Today, Gulden can most often be found working on the land he purchased in 1984. “I always wanted to manage my own land for wildlife.” One of the first things he did was build access roads through a cost share program. The steep country would be hard to manage without them. “Quite a bit of our land has a 45 degree slope, so there’s more like 1 1/2 acres of surface area per one acre. We’ve put in 1.7 miles of roads and trails that require a lot of maintenance.” A shed is the only structure on the property, housing the DR brush cutter, grader and log splitter, and other tools that Nick uses on the property. “I do a lot of pruning and cutting to release trees and eliminate undesirable growth, including over 55,000 buckthorn”. Most of the land had been farmed or was in pasture from the previous owners, while the rest is hardwoods.
“When I first retired, I spent almost every day up here. Geri loves to walk in the woods and look for morels or wild raspberries, and the kids have all helped in one way or another. Besides the road work, we planted white spruce for Christmas trees, but we really didn’t pursue that too far. I also planted red and white oak, ash and sugar maple, but it’s been a challenge since this is prime deer habitat. The previous owner planted black walnut in the 60’s, some of which have become beautiful trees, while others haven’t done well because of poor site placement.” In addition to planting trees, Nick planted native prairie grasses in two different open fields with help from the US Fish and Wildlife Service.
The Gulden’s have held three different timber sales, the first one in the late 80’s for oak veneer and railroad ties, followed by a salvage sale of black walnut after a big wind damaged the trees in 1998. The last was a large sale in ’07, harvesting 40 walnut that produced 9,000 board feet at $2.51/board ft., and 20 oaks that produced 6,400 board feet at $0.38. “I had done some forest cruising and written up management plans before, but because I was dealing with high value walnut, I didn’t feel like I knew enough to handle the sale myself. I didn’t hesitate to go to DNR Forestry to do it. A private forester would have worked out fine, but I felt comfortable with these guys because I had worked with them.” Other projects included 3 aspen regeneration cuts for ruffed grouse, and planting high-bush cranberries which are highly relished by wildlife.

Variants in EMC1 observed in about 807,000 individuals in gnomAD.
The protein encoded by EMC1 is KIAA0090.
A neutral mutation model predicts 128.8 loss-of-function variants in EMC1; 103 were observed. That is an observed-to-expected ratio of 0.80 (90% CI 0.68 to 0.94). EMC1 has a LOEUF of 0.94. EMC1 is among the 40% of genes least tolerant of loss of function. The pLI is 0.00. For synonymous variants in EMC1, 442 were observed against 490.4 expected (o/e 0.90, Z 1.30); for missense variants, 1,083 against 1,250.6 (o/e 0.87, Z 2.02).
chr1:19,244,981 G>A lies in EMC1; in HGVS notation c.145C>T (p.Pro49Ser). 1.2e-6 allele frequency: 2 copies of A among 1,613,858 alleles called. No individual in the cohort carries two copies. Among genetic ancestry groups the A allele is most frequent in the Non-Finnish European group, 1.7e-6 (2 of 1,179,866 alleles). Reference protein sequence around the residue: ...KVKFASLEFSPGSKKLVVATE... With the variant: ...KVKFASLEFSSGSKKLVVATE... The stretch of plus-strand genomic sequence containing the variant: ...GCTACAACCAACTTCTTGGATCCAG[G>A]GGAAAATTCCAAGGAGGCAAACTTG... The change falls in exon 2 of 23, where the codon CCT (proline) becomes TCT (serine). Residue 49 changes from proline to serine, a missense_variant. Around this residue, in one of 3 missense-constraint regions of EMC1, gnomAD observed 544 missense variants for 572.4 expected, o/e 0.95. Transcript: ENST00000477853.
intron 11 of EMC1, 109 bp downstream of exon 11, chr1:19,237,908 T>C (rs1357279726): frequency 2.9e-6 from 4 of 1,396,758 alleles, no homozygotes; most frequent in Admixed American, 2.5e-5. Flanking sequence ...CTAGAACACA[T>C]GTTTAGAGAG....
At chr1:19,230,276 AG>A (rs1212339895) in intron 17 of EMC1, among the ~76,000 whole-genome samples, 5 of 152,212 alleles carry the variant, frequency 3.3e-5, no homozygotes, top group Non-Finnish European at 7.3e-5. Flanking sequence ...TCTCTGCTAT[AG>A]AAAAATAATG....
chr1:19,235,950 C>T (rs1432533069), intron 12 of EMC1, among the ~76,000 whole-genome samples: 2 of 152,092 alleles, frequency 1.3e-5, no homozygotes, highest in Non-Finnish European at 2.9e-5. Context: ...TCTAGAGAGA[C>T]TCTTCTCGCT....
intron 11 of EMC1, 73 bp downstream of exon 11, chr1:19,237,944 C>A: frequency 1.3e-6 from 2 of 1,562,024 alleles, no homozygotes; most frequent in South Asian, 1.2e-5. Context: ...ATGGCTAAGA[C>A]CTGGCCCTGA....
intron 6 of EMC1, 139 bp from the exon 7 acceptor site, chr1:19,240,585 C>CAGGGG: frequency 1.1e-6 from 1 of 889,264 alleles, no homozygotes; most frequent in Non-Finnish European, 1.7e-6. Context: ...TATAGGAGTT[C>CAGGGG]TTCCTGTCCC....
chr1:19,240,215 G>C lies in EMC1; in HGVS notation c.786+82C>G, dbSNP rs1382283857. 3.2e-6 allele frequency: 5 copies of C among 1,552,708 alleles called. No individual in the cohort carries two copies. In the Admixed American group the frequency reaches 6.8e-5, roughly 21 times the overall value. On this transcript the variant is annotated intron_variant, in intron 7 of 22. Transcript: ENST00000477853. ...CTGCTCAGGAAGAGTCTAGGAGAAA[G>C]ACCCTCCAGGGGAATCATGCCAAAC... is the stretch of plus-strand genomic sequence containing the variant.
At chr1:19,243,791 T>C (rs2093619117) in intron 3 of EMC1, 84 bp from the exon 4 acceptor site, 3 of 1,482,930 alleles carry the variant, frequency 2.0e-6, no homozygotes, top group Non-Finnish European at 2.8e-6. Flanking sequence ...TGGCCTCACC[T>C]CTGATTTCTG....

The entire 81 acres is now enrolled in the Minnesota Land Trust, establishing a conservation easement and ensuring that the property will be free of certain types of development. “Once Geri and I decided we didn’t want to build our own home there, we knew that we wanted to preserve this land as it is now. We’re very happy with the program. It really hasn’t restricted me; I still follow a normal management plan, but now I know it will be protected from development and subdividing.” The property is also enrolled in the SFIA program, and in 2007, Nick received the Wabasha Co, SWCD “Woodland Manager of the Year” award.
Ultimately, Nick and Geri hope that the land will remain much as it is today and eventually pass on to the next generation. “Our son, grandson and nephew enjoy hunting out here. It would be wonderful to keep it in the family. I’m not going to be the one that reaps the benefits of good stewardship on this land. You do it for the enjoyment of working with God’s creation, and for passing it on to the next generation, hopefully in a little better shape than you found it.”